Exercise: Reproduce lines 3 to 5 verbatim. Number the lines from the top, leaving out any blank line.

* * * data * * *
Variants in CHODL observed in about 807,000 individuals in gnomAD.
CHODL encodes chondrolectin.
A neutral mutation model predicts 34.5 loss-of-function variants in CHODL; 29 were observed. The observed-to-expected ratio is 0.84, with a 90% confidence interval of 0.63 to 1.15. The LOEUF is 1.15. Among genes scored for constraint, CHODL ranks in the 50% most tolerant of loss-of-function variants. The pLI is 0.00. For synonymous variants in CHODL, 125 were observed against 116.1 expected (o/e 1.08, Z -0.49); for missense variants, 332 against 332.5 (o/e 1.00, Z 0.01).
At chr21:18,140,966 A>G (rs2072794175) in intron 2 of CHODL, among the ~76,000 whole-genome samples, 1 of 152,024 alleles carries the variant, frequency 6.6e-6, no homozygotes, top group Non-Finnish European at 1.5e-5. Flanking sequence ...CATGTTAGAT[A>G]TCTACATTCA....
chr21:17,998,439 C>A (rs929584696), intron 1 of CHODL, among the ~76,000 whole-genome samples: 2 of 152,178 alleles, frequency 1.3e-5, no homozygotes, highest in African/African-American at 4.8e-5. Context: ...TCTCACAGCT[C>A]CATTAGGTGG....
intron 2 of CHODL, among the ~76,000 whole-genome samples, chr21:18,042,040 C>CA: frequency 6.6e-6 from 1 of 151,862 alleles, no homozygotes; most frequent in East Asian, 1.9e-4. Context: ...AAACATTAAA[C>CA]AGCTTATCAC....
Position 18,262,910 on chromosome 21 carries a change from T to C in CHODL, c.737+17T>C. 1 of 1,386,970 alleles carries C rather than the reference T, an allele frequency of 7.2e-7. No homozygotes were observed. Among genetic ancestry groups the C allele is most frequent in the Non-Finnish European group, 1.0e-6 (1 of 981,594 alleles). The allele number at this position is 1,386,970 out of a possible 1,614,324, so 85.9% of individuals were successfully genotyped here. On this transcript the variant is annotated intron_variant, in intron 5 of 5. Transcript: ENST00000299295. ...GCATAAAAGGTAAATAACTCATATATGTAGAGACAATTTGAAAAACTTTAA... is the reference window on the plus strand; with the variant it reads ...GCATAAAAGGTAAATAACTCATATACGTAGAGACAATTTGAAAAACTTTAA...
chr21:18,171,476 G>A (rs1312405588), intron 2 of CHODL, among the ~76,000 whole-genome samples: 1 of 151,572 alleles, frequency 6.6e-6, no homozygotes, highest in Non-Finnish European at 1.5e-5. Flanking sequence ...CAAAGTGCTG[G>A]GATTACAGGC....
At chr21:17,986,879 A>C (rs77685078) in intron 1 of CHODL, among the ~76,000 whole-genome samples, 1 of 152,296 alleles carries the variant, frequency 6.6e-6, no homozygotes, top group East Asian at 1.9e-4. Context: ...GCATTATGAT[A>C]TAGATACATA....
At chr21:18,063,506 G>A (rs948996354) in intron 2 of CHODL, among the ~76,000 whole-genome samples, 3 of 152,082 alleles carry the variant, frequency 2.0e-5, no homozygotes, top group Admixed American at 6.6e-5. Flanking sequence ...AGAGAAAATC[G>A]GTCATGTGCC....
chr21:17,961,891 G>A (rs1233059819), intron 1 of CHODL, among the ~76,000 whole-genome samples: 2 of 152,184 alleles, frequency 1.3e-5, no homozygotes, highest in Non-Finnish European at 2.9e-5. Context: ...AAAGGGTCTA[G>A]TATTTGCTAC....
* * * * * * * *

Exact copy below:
A neutral mutation model predicts 34.5 loss-of-function variants in CHODL; 29 were observed. The observed-to-expected ratio is 0.84, with a 90% confidence interval of 0.63 to 1.15. The LOEUF is 1.15. Among genes scored for constraint, CHODL ranks in the 50% most tolerant of loss-of-function variants. The pLI is 0.00. For synonymous variants in CHODL, 125 were observed against 116.1 expected (o/e 1.08, Z -0.49); for missense variants, 332 against 332.5 (o/e 1.00, Z 0.01).
At chr21:18,140,966 A>G (rs2072794175) in intron 2 of CHODL, among the ~76,000 whole-genome samples, 1 of 152,024 alleles carries the variant, frequency 6.6e-6, no homozygotes, top group Non-Finnish European at 1.5e-5. Flanking sequence ...CATGTTAGAT[A>G]TCTACATTCA....
chr21:17,998,439 C>A (rs929584696), intron 1 of CHODL, among the ~76,000 whole-genome samples: 2 of 152,178 alleles, frequency 1.3e-5, no homozygotes, highest in African/African-American at 4.8e-5. Context: ...TCTCACAGCT[C>A]CATTAGGTGG....